Ickworth House: A Very Big House in the Country

Last Updated on November 16, 2022

A regular feature in our round-ups of the best places to visit in Suffolk when staying at our Barns and Barges to rent, we thought that Ickworth House deserved a little more spotlight by way of its very own blog post. Built sometime between 1795 and 1829, the estate the house belongs to dates back 1467 when it was once the dwelling place of the Marquesses of Bristol. A masterpiece properly attributed to Frederick Hervey, the 4th Earl of Bristol and Bishop of Derry, Ickworth House was brought to life by esteemed Italian architect Antonio Asprucci after he was asked to design a classical villa in the Suffolk countryside.

As with many historic houses in Suffolk, the story of Ickworth House is anything but straightforward. Indeed, it was originally conceived as an art gallery to house all of the Earl’s impressive collection. The only hitch in this brilliant plan? All of the art he owned was seized by Napoleon. With nothing to hang on the walls, and with the Earl passing away in 1803, the house was to his successor to finish off.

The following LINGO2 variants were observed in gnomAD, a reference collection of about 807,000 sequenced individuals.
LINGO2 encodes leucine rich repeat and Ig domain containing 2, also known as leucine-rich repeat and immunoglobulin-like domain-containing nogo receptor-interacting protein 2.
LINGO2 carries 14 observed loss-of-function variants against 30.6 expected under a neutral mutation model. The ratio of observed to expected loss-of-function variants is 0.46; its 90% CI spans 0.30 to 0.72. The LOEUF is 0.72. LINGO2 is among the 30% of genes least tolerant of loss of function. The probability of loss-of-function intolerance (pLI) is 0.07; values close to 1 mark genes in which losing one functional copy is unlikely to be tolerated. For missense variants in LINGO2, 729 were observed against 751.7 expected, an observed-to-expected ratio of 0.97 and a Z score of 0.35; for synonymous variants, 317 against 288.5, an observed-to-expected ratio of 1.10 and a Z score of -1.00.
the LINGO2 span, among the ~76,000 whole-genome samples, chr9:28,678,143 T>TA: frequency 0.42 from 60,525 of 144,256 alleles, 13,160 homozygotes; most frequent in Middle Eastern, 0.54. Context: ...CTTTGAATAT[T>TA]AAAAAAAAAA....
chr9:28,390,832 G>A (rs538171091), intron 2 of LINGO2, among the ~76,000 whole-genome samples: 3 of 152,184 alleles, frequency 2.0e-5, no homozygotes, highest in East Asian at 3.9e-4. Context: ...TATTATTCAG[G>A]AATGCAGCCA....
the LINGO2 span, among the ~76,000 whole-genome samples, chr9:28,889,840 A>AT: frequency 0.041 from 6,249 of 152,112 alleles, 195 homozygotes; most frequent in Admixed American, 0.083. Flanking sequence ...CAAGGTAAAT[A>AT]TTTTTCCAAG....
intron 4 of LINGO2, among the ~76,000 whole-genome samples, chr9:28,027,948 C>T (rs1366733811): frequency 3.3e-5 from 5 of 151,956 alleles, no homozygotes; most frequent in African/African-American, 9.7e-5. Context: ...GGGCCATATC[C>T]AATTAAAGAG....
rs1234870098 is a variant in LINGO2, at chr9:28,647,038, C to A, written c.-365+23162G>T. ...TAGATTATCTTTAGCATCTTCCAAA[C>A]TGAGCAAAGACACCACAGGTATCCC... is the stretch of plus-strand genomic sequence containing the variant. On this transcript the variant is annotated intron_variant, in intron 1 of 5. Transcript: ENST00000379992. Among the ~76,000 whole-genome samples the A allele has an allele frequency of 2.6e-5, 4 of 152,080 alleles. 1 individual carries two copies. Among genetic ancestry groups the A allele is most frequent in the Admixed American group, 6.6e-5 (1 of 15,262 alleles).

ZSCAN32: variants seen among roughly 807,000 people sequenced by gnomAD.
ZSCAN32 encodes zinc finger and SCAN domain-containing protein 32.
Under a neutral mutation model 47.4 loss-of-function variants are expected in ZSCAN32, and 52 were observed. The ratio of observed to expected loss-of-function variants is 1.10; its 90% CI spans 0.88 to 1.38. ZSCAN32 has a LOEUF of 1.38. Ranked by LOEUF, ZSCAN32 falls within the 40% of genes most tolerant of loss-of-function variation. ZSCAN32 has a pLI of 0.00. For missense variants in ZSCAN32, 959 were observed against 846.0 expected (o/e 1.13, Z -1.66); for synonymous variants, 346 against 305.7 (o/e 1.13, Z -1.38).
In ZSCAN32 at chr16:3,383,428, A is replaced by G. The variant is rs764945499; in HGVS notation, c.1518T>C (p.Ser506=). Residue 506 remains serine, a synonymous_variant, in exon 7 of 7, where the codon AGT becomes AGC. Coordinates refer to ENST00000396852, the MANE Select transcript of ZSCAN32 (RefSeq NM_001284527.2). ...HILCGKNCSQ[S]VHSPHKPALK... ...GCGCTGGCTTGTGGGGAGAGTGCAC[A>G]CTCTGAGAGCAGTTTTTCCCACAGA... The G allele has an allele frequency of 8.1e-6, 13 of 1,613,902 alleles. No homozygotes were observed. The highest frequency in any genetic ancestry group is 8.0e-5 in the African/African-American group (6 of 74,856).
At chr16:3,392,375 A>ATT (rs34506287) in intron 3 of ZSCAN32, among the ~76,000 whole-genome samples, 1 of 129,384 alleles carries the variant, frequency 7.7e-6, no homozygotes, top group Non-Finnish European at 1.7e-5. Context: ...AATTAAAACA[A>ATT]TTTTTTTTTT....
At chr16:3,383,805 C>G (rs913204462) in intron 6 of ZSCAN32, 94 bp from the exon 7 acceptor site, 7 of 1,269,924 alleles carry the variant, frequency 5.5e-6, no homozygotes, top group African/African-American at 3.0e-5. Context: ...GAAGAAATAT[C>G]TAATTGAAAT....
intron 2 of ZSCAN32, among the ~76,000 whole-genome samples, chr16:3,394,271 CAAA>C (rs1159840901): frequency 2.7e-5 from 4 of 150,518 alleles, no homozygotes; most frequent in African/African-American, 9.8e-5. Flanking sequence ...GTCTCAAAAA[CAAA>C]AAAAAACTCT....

After enjoying the property for just over a century, the house was passed to the National Trust to cover death duties. Part of the contract meant that the Marquess of Bristol was entitled to a 99-year long lease on the 60 rooms of the East Wing. This clause in the contract was seamlessly  honoured up until 1998 when the 7th Marquess of Bristol made the decision to sell up the remaining years of the lease to the National Trust. However, the National Trust made the decision to refuse the sale on the grounds that the Letter of Wishes which declared that the head of the family should be provided accommodation at Ickworth whenever they so desire.

Nowadays visitors to Ickworth House are welcome to enjoy a recent multi-million pound conservation project when stepping inside for a tour. Alternatively, the surrounding grounds make for a fantastic setting for an afternoon of dog walking around some seriously impressive surroundings.

If you’re planning on visiting Ickworth House as part of your holiday, be sure to take a look at the availability of our Barns and Barges to rent in Suffolk. What’s more, be sure to take a look at our other blogs on Kentwell Hall, Melford Hall, and other must-see historic houses in Suffolk.